Creating content for or about Indigenous Peoples
Last updated: February 28, 2023
The language we use is important. It can create a sense of empowerment, identity and pride, but it can also do the opposite. It can continue outdated narratives and cause harm to both individuals and communities.
This guide will help you choose culturally appropriate language. If you make a mistake, acknowledge it and apologize. Learning is guided by an open heart and humility.
On this page
- Continuous learning
- Nothing about us, without us
- Indigenous writers
- Collaboration with Indigenous Peoples
- Editing or publishing Indigenous knowledge
- Using images and graphic design
This guide reflects a moment in time of Indigenous public servants on their own learning journeys. If a Nation tells you there’s different protocol in their culture(s), that protocol supersedes this guide. Culture is not static and responds to current times.
This is an evolving guide which will be regularly reviewed and updated. If you have questions or feedback, please e-mail WebStandards@gov.bc.ca.
Engage with the Indigenous Peoples you’re writing about from the start of your project. Indigenous knowledge may be sacred and require certain protocols be followed. Indigenous Peoples are the primary guardians and interpreters of their cultures. All communications with and about Indigenous Peoples must have their input, review and consent. This supports the principle ‘Nothing about us, without us.’
In alignment with the UN Declaration, it's wise practice for the writer of Indigenous content to be an Indigenous person. There's no amount of training or formal education that can replace lived experience.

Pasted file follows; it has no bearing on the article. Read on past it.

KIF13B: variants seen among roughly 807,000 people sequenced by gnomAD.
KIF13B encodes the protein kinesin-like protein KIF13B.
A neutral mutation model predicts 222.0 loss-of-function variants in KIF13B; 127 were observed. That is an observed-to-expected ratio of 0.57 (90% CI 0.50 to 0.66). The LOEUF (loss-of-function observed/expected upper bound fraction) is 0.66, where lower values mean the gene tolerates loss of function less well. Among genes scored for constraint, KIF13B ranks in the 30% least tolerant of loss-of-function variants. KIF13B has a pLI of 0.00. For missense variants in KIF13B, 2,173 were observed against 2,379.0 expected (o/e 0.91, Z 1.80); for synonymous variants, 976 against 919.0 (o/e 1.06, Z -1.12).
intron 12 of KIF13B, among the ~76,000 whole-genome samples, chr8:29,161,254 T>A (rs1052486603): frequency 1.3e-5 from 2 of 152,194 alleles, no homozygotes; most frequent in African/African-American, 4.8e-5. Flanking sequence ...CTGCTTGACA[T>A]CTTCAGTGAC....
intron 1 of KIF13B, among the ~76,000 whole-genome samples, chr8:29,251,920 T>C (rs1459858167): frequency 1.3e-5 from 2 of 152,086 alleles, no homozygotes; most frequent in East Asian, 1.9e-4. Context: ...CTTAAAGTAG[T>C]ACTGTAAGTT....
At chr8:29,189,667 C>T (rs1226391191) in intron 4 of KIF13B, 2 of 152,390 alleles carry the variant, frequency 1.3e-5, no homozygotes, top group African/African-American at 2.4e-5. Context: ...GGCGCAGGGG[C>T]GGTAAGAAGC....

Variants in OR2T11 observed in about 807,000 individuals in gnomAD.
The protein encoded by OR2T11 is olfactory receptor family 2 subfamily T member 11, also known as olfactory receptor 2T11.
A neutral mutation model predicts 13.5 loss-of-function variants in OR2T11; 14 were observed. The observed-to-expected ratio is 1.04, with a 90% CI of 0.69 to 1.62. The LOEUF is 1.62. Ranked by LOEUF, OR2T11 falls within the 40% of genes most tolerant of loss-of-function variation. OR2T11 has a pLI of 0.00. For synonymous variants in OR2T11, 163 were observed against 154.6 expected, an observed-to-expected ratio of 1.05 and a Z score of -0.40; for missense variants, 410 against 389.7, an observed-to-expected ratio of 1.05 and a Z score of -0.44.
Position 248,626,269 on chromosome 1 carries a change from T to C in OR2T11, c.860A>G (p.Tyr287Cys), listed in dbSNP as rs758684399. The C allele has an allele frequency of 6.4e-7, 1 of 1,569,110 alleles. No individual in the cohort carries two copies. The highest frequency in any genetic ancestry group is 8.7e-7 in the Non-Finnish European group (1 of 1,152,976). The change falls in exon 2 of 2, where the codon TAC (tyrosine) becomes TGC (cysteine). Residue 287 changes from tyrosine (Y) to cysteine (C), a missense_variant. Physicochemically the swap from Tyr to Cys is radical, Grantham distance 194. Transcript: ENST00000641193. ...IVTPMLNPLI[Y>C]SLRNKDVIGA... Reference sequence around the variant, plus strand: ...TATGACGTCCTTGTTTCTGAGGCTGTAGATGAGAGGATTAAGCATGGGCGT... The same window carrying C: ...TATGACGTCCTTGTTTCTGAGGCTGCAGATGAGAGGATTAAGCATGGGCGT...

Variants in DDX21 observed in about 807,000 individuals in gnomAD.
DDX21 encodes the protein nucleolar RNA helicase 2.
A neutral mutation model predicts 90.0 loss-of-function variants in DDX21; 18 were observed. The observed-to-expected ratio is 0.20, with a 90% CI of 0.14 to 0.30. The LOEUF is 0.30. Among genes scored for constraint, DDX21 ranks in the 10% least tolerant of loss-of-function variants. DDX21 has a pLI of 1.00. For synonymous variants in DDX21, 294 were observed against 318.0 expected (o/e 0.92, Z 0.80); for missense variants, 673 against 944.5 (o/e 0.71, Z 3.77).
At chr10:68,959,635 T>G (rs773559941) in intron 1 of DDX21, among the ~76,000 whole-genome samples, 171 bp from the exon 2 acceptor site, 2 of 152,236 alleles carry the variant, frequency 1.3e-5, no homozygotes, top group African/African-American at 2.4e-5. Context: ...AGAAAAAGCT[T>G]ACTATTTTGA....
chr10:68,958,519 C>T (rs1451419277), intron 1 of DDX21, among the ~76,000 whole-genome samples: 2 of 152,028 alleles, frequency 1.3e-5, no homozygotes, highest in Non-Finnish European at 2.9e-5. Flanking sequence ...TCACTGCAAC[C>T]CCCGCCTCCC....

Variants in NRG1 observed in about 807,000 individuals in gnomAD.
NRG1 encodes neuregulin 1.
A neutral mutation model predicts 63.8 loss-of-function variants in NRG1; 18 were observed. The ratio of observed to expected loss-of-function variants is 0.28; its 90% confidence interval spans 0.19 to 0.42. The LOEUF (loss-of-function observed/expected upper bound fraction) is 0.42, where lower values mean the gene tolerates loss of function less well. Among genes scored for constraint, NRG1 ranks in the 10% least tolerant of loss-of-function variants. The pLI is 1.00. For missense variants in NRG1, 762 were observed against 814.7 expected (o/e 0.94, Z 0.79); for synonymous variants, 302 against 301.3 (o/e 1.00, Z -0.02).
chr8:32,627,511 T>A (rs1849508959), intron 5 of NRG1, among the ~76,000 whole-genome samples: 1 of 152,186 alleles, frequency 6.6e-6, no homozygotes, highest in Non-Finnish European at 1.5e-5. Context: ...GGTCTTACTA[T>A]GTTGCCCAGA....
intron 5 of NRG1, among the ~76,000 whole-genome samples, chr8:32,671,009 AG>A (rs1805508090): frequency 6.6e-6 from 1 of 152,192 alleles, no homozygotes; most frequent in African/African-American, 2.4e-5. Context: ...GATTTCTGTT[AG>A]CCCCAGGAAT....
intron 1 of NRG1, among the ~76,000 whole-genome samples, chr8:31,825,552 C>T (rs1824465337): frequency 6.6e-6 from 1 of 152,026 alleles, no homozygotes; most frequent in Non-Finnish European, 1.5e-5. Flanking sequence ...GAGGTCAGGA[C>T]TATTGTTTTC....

Ensure that Indigenous Peoples are involved from the beginning to the end of the work. Building trust-based relationships with Indigenous Peoples is part of the work of true and lasting reconciliation.
Collaboration with Indigenous Peoples requires a foundation of trust that takes time and effort to build. To be thorough, consult with a wide circle of Indigenous Peoples, especially Elders.
It’s important to build reciprocity in to your practice as part of true and lasting reconciliation. Indigenous Peoples' time and knowledge are valuable and their gift of sharing enables everyone to learn, grow and do better.
You must get approval from the original Indigenous source of information before publishing content that includes any aspect of Indigenous knowledge, especially Oral Tradition. You must acknowledge who taught you and the permission that you have been given to share. This may involve:
- Relationship building with Knowledge Keepers
- Creating a data sharing partnership
- Discussion with the branch that stores data
- Gaining consent from the knowledge source as to how they’re credited and how the information is used
For further guidance, review the Environmental Assessment Office’s Guide to Indigenous Knowledge in Environmental Assessment.
Involve Indigenous people when developing or choosing graphics. See the Visual Design Guide for more information.